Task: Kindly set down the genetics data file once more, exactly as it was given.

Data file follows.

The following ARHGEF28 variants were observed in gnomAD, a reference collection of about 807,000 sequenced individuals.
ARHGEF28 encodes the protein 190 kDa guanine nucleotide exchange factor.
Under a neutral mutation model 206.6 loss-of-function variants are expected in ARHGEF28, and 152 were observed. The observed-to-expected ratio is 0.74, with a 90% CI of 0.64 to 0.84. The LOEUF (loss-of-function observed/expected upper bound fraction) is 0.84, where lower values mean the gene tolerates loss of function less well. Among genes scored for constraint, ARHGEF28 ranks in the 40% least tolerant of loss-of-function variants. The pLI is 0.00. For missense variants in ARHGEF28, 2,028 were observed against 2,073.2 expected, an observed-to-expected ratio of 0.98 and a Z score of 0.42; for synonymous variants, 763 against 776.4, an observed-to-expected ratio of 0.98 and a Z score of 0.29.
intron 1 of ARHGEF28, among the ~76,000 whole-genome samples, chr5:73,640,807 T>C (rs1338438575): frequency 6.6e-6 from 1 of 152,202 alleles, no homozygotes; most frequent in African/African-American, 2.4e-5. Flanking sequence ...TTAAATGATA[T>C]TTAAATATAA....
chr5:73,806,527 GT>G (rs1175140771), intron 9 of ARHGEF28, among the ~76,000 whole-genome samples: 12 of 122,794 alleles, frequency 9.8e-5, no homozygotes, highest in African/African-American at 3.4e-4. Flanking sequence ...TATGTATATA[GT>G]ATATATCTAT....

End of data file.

The following ARHGEF28 variants were observed in gnomAD, a reference collection of about 807,000 sequenced individuals.
ARHGEF28 encodes the protein 190 kDa guanine nucleotide exchange factor.
Under a neutral mutation model 206.6 loss-of-function variants are expected in ARHGEF28, and 152 were observed. The observed-to-expected ratio is 0.74, with a 90% CI of 0.64 to 0.84. The LOEUF (loss-of-function observed/expected upper bound fraction) is 0.84, where lower values mean the gene tolerates loss of function less well. Among genes scored for constraint, ARHGEF28 ranks in the 40% least tolerant of loss-of-function variants. The pLI is 0.00. For missense variants in ARHGEF28, 2,028 were observed against 2,073.2 expected, an observed-to-expected ratio of 0.98 and a Z score of 0.42; for synonymous variants, 763 against 776.4, an observed-to-expected ratio of 0.98 and a Z score of 0.29.
intron 1 of ARHGEF28, among the ~76,000 whole-genome samples, chr5:73,640,807 T>C (rs1338438575): frequency 6.6e-6 from 1 of 152,202 alleles, no homozygotes; most frequent in African/African-American, 2.4e-5. Flanking sequence ...TTAAATGATA[T>C]TTAAATATAA....
chr5:73,806,527 GT>G (rs1175140771), intron 9 of ARHGEF28, among the ~76,000 whole-genome samples: 12 of 122,794 alleles, frequency 9.8e-5, no homozygotes, highest in African/African-American at 3.4e-4. Flanking sequence ...TATGTATATA[GT>G]ATATATCTAT....